Procedure-Specific Outcomes Data May Help Transform Care in Colorectal Cancer Operations

Simulating referral to higher performing hospitals for colorectal cancer operation may improve the welfare of patients and society.

The use of procedure-specific hospital performance as the primary factor in selection of a local hospital for colorectal cancer (CRC) operation is associated with improved patient outcomes, according to a study in JAMA Network Open.

Researchers used a welfarist approach to assess the economic implications of using procedure-specific outcomes to guide hospital selection for CRC operation.

The analysis included adult patients aged 18 years and older who underwent elective resection for a colorectal neoplasm in Florida from January 1, 2016, to December 31, 2019, based on data from the Florida Agency for Health Care Administration.

Participants were grouped into 2 cohorts based on treatment year to model future hospital performance according to previous risk-adjusted outcomes. Previous hospital performance was evaluated in a training cohort who received treatment from January 1, 2016, to December 31, 2018. Estimated costs and benefits of care at alternative hospitals were assessed in a testing cohort who were treated in 2019.

If the benefits simulated in this study translated to improved outcomes in practice, this approach to hospital choice could be used to transform care and guide policy in colorectal cancer surgery.

The study’s primary outcome was the mean patient-level change in social welfare achieved by simulated data-driven hospital selection. Data analyses were conducted from March to October 2022.

A total of 21,098 patients (mean [SD] age, 67.3[12.0] years; women, 48.9%; White, 89.4%) were included. Of the cohort, 16,098 (76.3%) participants were in the training group and 5000 (23.7%) were in the testing group. The patients were treated at 178 hospitals, of which 177 (99.4%) were in urban locations.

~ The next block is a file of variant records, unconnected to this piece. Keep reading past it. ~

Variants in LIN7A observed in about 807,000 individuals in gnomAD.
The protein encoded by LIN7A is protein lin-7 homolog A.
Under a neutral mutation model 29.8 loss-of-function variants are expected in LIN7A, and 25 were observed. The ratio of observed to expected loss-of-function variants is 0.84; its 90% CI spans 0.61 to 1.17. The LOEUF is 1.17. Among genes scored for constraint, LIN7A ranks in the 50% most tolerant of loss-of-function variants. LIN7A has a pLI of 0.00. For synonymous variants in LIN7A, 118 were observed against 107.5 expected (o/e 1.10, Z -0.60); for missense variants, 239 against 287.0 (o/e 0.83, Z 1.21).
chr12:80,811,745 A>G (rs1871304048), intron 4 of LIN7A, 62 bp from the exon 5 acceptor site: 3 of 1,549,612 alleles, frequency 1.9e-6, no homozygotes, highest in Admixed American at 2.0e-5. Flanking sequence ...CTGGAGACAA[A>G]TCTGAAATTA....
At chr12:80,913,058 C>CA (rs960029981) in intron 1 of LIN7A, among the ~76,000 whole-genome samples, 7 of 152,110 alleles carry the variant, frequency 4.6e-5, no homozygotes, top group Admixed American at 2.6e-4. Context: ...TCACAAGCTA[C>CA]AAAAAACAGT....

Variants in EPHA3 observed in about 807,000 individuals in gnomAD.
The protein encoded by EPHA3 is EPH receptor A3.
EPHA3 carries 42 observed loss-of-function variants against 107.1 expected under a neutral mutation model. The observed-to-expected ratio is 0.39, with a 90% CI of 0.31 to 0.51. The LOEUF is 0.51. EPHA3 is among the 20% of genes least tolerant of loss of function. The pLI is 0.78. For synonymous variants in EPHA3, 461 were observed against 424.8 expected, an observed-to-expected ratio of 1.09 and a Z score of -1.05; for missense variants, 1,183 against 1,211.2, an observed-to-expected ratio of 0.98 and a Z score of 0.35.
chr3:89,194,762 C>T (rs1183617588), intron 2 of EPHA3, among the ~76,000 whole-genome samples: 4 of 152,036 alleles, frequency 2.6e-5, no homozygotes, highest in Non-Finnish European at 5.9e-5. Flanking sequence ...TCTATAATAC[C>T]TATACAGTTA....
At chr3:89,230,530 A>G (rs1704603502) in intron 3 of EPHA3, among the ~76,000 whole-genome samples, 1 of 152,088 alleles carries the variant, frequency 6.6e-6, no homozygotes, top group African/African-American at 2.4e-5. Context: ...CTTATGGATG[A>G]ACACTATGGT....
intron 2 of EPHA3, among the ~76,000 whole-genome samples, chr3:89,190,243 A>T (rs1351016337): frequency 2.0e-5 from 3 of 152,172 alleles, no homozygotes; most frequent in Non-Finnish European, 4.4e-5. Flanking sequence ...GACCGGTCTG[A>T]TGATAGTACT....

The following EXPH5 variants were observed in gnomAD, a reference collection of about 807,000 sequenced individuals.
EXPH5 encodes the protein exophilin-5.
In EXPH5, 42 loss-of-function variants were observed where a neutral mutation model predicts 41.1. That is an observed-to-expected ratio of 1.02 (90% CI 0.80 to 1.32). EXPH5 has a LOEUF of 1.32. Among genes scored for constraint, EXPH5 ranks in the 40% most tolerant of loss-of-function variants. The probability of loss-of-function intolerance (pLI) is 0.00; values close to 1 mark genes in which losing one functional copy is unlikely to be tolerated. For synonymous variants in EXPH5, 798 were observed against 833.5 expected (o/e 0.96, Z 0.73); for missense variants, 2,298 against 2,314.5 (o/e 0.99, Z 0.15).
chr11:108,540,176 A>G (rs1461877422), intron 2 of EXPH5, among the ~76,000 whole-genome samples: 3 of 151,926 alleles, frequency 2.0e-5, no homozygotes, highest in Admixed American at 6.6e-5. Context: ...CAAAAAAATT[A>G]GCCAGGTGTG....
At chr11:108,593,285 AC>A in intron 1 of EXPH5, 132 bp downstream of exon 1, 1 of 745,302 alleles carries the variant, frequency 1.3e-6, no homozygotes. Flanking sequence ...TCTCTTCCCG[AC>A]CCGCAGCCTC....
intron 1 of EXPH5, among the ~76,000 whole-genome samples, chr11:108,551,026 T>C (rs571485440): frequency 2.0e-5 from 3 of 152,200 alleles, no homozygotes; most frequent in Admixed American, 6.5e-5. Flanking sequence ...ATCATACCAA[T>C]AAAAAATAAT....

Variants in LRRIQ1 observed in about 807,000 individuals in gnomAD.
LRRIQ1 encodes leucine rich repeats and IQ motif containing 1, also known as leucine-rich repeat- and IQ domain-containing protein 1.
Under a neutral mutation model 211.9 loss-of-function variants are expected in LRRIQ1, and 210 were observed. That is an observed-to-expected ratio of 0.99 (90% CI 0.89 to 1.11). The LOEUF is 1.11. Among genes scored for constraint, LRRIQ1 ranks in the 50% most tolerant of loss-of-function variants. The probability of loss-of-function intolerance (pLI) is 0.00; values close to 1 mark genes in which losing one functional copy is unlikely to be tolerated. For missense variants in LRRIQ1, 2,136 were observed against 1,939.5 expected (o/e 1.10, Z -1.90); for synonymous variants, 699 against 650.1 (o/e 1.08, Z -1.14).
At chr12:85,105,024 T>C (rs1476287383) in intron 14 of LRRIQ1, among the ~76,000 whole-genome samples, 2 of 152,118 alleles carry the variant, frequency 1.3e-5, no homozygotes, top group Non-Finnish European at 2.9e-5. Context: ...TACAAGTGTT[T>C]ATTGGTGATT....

Study authors identified an alternative higher-performing local hospital for 3057 of 5000 patients (61.1% in the testing cohort). Patients who were moved to a higher-performing local hospital were more likely to be men (54.3% vs 46.1%; P <.001), older (69.5[11.4] years vs 65.0[12.0] years; P <.001), and be Medicare beneficiaries (71.4% vs 54.1%; P <.001), compared with those who stayed at their chosen local hospital.

At the hospital level, 106 hospitals (59.6%) had a net volume increase, and 72 (40.4%) had a loss or no change in volume. Social welfare increased at the patient level by a mean of $1953 (95% CI, $1744-$2162) per patient at the simulated highest-performing local hospitals. Social welfare changes were associated with a reduction in-hospital mortality risk from 0.91% (95% CI, 0.80%-1.01%) at the chosen hospital to 0.67% (95% CI, 0.57%-0.76%) at the simulated highest-performing hospital. The relative reduction was 26.5% (95% CI, 24.5%-29.0%), and the absolute reduction was 0.24% (95% CI, 0.23%-0.25%). The estimated costs of care increased by $482 (95% CI, $325-$638), although it was offset by the additional life gained.

In analysis stratified by race and ethnicity, among 513 Black patients in the testing cohort, 309 (60.2%) were identified as having a higher-performing hospital. Among Black patients, simulated reassignment to an alternative hospital was associated with a 23.5% (95% CI, 19.3%-32.9%) relative decrease and 0.26% (95% CI, 0.21%-0.30%) absolute decrease in mortality risk. Black patients had mean social welfare gains of $2427 (95% CI, $1697-$3158) vs $1899 (95% CI, $1682-$2116) for White patients.

Study limitations include the population from 1 state who underwent elective operations. Also, the data lacked detailed oncologic staging, which would have facilitated life expectancy estimation. In addition, the study did not address potential racial disparities in surgical referral or treatment use, and the true benefits of data-driven hospital selection may be underestimated by assessing only in-hospital mortality during the index admission for operation.

“The study supported the use of outcomes data by patients and referring physicians to make an informed decision when selecting a hospital for care,” the study authors noted. “If the benefits simulated in this study translated to improved outcomes in practice, this approach to hospital choice could be used to transform care and guide policy in colorectal cancer surgery.”

Disclosure: Some study authors declared affiliations with biotech, pharmaceutical, and/or device companies. Please see the original reference for a full list of authors’ disclosures.


Finn CB, Wirtalla C, Roberts SE, et al. Comparison of simulated outcomes of colorectal cancer surgery at the highest-performing vs chosen local hospitals. JAMA Netw Open. 2023;6(2):e2255999. doi:10.1001/jamanetworkopen.2022.55999